Heel hooks, calf slicers, and neck cranks are all deemed dangerous submissions and prohibited from competition by the International Brazilian Jiu-Jitsu Federation (IBJJF), a non-profit that hosts some of the biggest Jiu-Jitsu tournaments in the world. Usually, learning these dangerous moves are at the discretion of the BJJ instructor. Some students may never learn these submissions, but others begin to learn them from day one, especially if their academy is not focused on sports competition. Should academies teach these submissions at all? The topic is controversial, and this article will explore different answers to that question.
If we explore the origins of Jiu-Jitsu during Kanō Jigorō’s time, we notice that he removed a number of techniques from Jiu-Jitsu repertoire that Judo would later take up. Jigorō removed moves that he felt were just too dangerous to practice. Traditional Jiu-Jitsu in Japan in the 1900s was focused around small academies where the ratio of students to the instructor was very low. The setup permitted the teacher to give a great deal of attention to his students and make sure that injuries were kept to a minimum. But in 19th and early 20th century Japan, the training was also rather brutal, and it was not uncommon for instructors to double as bonesetters. Dislocations and broken bones were frequent occurrences. Kanō knew that if the martial art was going to grow into popularity, injuries needed to be kept to a minimum. As a result, regulations came into place to teach Jiu Jitsu to large groups of people, with a minimal risk of injury. That’s why the more dangerous moves were removed. Now many instructors ask themselves if they should follow in his footsteps?
The answer to this question varies. A black belt should have an in depth knowledge of most techniques, understanding that there is an almost limitless number of them to cover. It’s important to understand the execution of even the most dangerous moves to avoid getting submitted by others, who may not be a member of your academy.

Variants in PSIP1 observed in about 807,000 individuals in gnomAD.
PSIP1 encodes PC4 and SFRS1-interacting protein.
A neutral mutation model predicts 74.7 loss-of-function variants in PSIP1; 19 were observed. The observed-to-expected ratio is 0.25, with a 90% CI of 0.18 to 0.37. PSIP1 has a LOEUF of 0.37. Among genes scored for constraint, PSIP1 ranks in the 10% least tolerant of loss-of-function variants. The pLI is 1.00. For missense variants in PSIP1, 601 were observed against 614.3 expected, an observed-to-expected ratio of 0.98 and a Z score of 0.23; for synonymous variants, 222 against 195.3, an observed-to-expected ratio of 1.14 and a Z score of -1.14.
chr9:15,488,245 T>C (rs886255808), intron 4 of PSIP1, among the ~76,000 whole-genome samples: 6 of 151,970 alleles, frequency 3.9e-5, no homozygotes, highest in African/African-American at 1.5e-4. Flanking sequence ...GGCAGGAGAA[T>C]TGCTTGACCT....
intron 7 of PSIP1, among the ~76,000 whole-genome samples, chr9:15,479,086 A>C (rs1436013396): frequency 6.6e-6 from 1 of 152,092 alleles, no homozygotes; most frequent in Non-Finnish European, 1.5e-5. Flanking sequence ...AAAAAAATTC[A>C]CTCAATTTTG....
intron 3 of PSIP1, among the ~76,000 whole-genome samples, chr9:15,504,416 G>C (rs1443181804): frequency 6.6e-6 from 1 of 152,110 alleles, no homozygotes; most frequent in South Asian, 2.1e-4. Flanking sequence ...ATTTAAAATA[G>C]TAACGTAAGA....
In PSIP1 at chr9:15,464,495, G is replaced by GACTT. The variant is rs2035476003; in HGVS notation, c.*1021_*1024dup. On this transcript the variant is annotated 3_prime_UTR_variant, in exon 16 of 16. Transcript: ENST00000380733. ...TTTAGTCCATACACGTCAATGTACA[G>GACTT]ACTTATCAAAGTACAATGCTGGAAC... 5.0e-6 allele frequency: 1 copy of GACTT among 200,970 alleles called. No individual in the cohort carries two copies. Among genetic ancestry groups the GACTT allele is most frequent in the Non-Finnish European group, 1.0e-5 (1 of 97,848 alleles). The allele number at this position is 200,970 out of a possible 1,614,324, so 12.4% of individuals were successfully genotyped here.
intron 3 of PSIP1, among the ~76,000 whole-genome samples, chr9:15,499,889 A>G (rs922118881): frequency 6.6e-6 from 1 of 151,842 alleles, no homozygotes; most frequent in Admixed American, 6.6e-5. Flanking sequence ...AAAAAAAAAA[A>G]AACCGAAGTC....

Realistically speaking, it’s important to remember that ALL submissions are dangerous if one doesn’t tap. If you don’t tap to something as seemingly inoffensive as an armbar, your arm might get dislocated. The problem with large academies is the diversity of people who practise different moves. For instance, during a roll your opponent may know nothing of a heel hook, or might defend the wrong way, and injure themselves. On the other hand, one might come across a student who knows no limits and could be dangerous. With larger academies, one has to be more careful. Many times, students will come up to their instructors, and let them know they don’t want to compete, and don’t believe they are ever going to get into a street fight, so they decide they never want to take the chance and learn any of those dangerous submissions. It wouldn’t be fair to force a group to practise those submissions. However, if you are on the road to a black belt, then it’s essential to know those moves. But it’s also mandatory to know how to stay safe.
What’s important to keep in mind when practicing the more dangerous submissions is that you have to be able to trust your partner. Some BJJ students have such big egos, that they’re going to crank something if they can — which is not the proper way to train. Reckless BJJ training puts the limbs and the lives of our training partners on the line, and as students and teachers, we need to proceed with great care. Jiu-Jitsu is not something you can train by yourself, and you need to be mindful of others!
If your training partner catches you in a submission, they should allow you to escape. They’re not going to crank, but rather just hold the position. From there, you can start to increase your confidence, and become more comfortable extracting yourself from submissions. There’s a lot more learning that can take place when you catch a submission, so lightly hold it, and allow your partner to escape. But allow them to escape in the right way. Others, may just catch the submission and let it go; you don’t need to tap someone every time.
Ex-Navy Seal Commander and BJJ black belt Jocko Willink answers a question: Should BJJ instructors Not Teach White Belts Dangerous Techniques?